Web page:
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vice and questions about human rights.” We knock, and a pleasant young woman invites us
inside. The floor is wooden, covered with dried mud. There are several wooden desks, an
aging photocopier, a coffeemaker, an electric teakettle, and the telltale Memorial flag with
a red flame draped on the wall.
“The people you want to see will be here shortly,” the young woman says.
Sergei and I sit, and I can't help but think how this shabby office next door to a mani/
pedi shop says a lot about the battle for civil rights here. The organization fights a lack of
money and lots of government pressure to achieve a respected place in Russian society.
Several minutes pass, and an older woman walks through the door, gives us a look, and
motions to a table in the corner, where the teakettle and cookies are located.
“Ochen priyatno—David,” I say.
She turns the switch on the teakettle, munches on a cookie, and waits for the water to
heat. Sergei and I sit in the second and third wooden chairs at the table.
“What would you like to know?” she says. Sergei briefly tells her about my book, and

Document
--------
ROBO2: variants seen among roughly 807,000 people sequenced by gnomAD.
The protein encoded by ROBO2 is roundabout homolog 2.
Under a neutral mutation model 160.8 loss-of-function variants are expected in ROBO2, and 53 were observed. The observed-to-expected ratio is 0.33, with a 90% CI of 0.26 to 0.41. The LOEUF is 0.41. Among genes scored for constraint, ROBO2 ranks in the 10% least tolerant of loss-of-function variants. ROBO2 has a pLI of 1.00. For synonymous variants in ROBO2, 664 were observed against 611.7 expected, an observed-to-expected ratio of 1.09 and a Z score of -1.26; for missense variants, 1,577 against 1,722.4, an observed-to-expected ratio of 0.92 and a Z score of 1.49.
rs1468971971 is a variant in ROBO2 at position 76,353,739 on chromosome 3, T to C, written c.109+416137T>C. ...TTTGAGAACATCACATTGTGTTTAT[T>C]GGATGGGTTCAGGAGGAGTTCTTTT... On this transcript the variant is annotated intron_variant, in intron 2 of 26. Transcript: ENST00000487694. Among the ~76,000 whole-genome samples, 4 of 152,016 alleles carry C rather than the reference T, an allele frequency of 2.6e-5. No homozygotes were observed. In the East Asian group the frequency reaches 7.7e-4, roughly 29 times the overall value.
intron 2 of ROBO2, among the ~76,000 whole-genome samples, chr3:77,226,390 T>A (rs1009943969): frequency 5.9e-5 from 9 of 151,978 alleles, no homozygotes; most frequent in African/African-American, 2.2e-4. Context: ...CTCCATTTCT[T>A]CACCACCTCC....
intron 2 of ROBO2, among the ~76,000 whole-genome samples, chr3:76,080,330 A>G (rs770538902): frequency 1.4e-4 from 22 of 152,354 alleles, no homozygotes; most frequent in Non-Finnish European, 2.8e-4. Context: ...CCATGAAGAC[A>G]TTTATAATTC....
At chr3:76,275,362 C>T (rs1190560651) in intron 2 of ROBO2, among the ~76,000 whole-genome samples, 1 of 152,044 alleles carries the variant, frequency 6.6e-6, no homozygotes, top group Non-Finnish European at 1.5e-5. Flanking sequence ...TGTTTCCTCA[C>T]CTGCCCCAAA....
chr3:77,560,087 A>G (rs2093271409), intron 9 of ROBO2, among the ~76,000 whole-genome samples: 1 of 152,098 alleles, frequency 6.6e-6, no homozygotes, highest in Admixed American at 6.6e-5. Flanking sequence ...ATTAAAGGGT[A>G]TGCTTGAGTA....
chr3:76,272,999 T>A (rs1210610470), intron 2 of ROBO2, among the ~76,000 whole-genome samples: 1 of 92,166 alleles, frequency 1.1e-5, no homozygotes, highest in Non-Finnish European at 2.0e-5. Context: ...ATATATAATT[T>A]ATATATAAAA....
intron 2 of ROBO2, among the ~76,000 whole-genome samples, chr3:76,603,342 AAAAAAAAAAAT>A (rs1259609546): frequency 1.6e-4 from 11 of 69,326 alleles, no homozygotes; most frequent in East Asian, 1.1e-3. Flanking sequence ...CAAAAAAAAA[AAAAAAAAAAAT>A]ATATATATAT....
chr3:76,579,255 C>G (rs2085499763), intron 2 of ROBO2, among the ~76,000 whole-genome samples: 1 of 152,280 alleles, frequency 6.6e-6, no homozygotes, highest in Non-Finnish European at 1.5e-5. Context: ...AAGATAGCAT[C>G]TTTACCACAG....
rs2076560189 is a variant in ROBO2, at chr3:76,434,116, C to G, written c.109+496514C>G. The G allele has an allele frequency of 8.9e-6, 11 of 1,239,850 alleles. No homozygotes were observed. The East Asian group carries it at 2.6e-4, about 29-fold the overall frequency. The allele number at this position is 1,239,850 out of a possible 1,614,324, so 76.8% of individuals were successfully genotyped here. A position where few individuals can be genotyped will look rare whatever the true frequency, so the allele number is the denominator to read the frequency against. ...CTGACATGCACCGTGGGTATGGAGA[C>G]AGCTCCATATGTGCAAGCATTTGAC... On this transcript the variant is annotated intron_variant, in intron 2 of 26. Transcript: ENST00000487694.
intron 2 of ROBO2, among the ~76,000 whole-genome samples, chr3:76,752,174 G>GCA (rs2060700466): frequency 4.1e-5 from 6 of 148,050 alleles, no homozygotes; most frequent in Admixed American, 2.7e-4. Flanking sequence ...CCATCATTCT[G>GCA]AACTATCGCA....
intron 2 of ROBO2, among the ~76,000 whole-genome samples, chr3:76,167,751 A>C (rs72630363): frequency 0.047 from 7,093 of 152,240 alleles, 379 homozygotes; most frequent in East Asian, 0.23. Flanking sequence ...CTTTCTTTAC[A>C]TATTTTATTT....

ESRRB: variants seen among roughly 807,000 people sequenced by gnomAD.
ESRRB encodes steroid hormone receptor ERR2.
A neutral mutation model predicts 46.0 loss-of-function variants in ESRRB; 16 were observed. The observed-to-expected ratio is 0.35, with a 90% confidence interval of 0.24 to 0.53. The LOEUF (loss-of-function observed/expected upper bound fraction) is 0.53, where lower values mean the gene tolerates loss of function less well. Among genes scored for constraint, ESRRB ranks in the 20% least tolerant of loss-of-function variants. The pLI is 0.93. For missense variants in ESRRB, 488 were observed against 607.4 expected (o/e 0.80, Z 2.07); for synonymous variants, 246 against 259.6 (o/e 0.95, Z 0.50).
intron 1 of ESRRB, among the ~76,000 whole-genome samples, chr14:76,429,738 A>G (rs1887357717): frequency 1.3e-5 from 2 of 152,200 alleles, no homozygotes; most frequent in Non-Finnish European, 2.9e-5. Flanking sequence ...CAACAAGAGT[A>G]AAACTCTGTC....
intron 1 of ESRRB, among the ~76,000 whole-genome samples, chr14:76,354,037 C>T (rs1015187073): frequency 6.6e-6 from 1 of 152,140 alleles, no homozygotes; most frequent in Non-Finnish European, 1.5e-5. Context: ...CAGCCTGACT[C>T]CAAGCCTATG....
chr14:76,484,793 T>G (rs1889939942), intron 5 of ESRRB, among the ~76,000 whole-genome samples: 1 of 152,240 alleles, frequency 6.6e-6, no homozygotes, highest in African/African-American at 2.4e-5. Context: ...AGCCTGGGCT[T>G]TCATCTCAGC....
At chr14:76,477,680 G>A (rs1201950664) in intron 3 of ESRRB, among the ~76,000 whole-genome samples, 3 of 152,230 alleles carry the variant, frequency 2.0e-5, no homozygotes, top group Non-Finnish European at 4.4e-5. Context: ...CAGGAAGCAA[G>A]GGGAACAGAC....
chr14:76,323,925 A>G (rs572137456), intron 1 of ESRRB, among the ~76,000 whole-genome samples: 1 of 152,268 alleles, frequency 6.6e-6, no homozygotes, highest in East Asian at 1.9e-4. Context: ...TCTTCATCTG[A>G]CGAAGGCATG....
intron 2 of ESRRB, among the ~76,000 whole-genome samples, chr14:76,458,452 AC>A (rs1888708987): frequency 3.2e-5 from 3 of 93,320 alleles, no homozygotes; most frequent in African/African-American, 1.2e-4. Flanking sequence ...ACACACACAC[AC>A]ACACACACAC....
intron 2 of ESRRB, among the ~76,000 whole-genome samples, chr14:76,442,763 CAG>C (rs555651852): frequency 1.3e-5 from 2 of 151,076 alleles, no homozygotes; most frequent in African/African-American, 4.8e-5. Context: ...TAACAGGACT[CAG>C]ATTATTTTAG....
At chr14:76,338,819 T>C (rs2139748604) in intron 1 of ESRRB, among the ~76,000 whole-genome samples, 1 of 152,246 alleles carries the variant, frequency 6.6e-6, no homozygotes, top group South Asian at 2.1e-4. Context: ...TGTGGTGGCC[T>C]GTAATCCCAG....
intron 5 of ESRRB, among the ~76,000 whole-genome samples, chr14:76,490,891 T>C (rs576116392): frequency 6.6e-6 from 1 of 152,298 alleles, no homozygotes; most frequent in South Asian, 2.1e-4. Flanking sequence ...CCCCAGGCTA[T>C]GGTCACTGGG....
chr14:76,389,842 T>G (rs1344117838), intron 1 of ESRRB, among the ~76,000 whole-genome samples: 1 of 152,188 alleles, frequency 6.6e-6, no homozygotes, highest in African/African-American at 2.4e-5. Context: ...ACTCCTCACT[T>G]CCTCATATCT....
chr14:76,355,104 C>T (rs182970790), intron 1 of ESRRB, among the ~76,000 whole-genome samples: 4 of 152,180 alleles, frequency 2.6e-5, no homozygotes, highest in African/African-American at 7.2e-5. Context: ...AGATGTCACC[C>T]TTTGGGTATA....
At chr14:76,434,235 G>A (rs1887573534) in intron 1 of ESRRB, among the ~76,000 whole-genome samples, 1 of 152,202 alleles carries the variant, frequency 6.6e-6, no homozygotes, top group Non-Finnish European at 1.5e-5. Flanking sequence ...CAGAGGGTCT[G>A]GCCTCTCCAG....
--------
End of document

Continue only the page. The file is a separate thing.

how he was told that she had a painful story from Soviet times that caught Memorial's in-
“You know they wrote a book about me?”
Angelina reaches into her bag and pulls it out. It's called The Whisperers: Private Life
in Stalin's Russia . The topic, which I mentioned earlier, is by British historian Orlando
Figues. She pages through and finds a black-and-white photo of a baby girl. “That's me.
That was the last photo my father took of me.”
Angelina Bushueva has red-dyed hair tied in a pony tail. She's wearing a black blouse
and purple scarf. She squints a bit through her glasses when she speaks.
“You're young,” she says to me, smiling. “You don't know these stories.”
She puts a tea bag into a cup and pours hot water in. She motions with her head to some
other teacups. Sergei and I each take one, along with a tea bag, and we pour.
“My father was head of a technology bureau. One day, just like that, he was arrested on
his lunch break. And after he was arrested we were evicted from our house. We were told
we were 'enemies of the people.'” That was the fall of 1937. To this day she doesn't know
why her father was taken. But in Stalinist times this was common. He ordered arrests and
executions of people because they were academics, or in the sciences, or of certain reli-
gions, or because Stalin and his cohorts just acted on whims.
“My mother saw him in prison. This photo, she brought it to him. Then he was sent to
be executed.”
Angelina is speaking smoothly and quietly in Russian, with little outward emotion.
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